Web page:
a marble bust of Ovid

Did Ovid's erotic poetry lead to his exile from Rome?

Penning scandalous poems about gods and mortals brought Ovid many Roman fans—except Emperor Augustus, who banished the poet for reasons still unknown.

Ovid, first-century marble bust. Uffizi Gallery, Florence
White Images/Scala, Florence

Publius Ovidius Naso, the poet better known today as Ovid, tried to write his own epitaph before his death in A.D. 17. In a series of poems composed near the end of his life, he asked for these lines to mark his final resting place:

I who lie here was a writer
Of tales of tender love
Naso the poet, done in by my
Own ingenuity.
You who pass by, should you be
A lover, may you
Trouble yourself to say that Naso’s
May rest softly.

Recognized today for the Metamorphoses, his dazzling reworking of Greek and Latin myths, Ovid was known during his time for vibrant, controversial love poetry, including the Amores (The Loves) and the Ars amatoria (The Art of Love). These frank poetic reflections on Roman sexual customs brought him fame but also played a role in his downfall. (Learn about the responsibilities that came with coveted Roman citizenship.)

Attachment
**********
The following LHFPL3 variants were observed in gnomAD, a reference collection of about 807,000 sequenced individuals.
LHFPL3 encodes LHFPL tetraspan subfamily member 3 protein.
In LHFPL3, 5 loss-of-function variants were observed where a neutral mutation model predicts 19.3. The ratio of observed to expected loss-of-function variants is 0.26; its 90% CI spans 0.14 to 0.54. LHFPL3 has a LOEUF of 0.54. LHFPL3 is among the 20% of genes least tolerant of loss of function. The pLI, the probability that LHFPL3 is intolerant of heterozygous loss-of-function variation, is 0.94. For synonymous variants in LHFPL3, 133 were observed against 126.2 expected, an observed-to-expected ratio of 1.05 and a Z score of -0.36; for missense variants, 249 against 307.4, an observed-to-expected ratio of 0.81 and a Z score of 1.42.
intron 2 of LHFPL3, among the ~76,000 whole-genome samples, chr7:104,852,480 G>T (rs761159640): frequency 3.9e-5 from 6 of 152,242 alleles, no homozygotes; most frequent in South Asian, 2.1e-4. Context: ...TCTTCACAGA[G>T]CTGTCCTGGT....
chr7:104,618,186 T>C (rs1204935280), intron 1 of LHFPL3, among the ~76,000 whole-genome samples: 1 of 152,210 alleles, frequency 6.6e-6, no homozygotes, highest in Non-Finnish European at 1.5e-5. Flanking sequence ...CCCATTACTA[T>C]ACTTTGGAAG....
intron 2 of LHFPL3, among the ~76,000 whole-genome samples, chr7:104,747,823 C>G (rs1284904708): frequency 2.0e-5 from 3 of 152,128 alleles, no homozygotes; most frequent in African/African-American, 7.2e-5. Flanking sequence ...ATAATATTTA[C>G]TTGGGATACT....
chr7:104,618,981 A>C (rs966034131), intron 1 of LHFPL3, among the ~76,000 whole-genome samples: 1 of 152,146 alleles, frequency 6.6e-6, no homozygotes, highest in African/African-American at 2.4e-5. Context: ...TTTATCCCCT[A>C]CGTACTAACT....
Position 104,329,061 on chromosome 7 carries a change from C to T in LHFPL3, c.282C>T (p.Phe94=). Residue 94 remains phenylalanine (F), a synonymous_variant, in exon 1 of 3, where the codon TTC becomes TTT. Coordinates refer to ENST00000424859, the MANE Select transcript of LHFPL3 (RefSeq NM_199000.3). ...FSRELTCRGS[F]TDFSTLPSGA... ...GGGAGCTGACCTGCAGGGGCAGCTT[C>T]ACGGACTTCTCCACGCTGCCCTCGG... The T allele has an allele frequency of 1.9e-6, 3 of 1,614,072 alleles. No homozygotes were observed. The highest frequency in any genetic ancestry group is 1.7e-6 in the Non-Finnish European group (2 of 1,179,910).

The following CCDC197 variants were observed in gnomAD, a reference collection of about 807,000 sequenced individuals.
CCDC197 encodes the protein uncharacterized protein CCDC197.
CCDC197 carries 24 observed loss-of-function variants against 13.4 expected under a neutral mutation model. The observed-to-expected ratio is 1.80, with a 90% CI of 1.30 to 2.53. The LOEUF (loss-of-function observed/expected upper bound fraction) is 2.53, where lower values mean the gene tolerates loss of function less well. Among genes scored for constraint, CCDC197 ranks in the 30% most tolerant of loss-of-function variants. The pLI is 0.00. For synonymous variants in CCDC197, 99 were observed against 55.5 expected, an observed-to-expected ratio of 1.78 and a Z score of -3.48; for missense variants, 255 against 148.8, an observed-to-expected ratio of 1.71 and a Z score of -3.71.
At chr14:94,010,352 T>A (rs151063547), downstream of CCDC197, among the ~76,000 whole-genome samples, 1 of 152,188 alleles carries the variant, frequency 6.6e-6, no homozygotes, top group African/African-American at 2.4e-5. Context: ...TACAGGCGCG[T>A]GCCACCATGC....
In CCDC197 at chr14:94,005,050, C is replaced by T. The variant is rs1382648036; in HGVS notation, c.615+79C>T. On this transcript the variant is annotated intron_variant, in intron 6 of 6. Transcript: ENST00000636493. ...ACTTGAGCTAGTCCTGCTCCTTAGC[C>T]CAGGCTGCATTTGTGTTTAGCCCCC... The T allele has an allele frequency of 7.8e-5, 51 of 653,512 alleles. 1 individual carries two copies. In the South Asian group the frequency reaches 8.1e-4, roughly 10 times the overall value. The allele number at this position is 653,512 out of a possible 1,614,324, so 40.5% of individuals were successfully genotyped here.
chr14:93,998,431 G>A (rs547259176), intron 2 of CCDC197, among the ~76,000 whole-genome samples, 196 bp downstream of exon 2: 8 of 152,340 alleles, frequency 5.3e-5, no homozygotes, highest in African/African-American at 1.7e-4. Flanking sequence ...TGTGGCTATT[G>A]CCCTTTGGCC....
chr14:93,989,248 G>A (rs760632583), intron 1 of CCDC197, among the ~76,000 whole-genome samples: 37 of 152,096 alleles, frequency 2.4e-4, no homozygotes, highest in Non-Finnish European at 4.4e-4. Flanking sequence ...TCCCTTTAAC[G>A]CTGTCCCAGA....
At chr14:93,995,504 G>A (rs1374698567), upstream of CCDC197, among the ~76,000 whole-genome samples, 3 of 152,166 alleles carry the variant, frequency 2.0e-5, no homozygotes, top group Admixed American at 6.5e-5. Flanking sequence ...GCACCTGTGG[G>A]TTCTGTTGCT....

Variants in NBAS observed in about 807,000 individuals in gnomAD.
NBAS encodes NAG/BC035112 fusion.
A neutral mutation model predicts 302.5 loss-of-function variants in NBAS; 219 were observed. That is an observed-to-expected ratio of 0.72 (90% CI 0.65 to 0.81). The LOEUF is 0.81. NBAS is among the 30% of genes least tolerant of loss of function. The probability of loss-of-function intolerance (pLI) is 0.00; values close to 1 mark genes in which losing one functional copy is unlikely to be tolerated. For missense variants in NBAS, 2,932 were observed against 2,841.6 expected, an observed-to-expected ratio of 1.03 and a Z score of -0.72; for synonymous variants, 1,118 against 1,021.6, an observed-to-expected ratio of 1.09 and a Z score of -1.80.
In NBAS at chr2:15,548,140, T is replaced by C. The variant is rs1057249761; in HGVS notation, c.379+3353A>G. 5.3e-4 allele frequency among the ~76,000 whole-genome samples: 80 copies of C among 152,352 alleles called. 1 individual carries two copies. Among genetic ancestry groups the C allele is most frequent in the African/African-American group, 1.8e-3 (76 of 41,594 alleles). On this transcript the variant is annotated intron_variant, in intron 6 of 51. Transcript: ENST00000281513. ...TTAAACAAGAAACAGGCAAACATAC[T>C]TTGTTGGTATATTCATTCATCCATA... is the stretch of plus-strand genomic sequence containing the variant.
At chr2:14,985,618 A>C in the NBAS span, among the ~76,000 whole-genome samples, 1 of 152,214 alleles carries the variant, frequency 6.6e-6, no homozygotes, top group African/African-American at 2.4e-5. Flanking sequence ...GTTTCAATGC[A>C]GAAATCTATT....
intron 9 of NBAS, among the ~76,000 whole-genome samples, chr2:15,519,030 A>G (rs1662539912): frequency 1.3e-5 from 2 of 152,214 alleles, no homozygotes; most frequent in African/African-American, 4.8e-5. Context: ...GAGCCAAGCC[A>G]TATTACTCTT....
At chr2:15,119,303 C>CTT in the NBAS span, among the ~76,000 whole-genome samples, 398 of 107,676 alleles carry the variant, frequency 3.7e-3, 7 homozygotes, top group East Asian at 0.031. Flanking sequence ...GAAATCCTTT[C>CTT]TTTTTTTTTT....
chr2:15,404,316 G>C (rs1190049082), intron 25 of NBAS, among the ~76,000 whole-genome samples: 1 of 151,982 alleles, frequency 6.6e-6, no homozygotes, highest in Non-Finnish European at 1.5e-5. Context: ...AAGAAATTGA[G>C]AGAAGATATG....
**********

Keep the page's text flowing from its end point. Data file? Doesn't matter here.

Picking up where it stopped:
After publishing his magnum opus, Ovid fell out of imperial favor, was forced to leave Rome, and exiled to Tomis, a city on the Black Sea. It was here, on the fringes of the empire, that Ovid pined for his beloved Rome and begged to return. (This is why Black Sea shipwrecks are such unique finds.)

By Ovid’s own account, the exile was punishment for an “error” that enraged the emperor Augustus. Ovid considered himself lucky that he escaped execution for the offense but never recorded any specific details about what he did wrong. Scholars have puzzled over the cause of the exile for centuries, which remains unsolved to this day.

Early success

Ovid was born in 43 B.C. in Sulmo (now Sulmona) 100 miles east of Rome. His letters and the Tristia (Lamentations), a five-book collection of poems written in exile, have given historians a wealth of autobiographical details.

He describes himself as a natural poet from his youth: “Poetry in meter comes unbidden to me.” After a brief stint traveling and then studying in Athens, he turned his back on a political career, and went instead to Rome to become a poet. He fell in love with the city, and it embraced his poetry.

Completed in 16 B.C., Ovid’s first major work was the Amores, a collection of poems charting a love affair with a young woman called Corinna. In this first book of poems, Ovid employed an urbane, ironic voice. A famous poem describing a hot summer’s afternoon of lovemaking ends with the lines:

Fill in the rest for yourselves!
Tired at last, we lay sleeping.
May my siestas often turn out that way.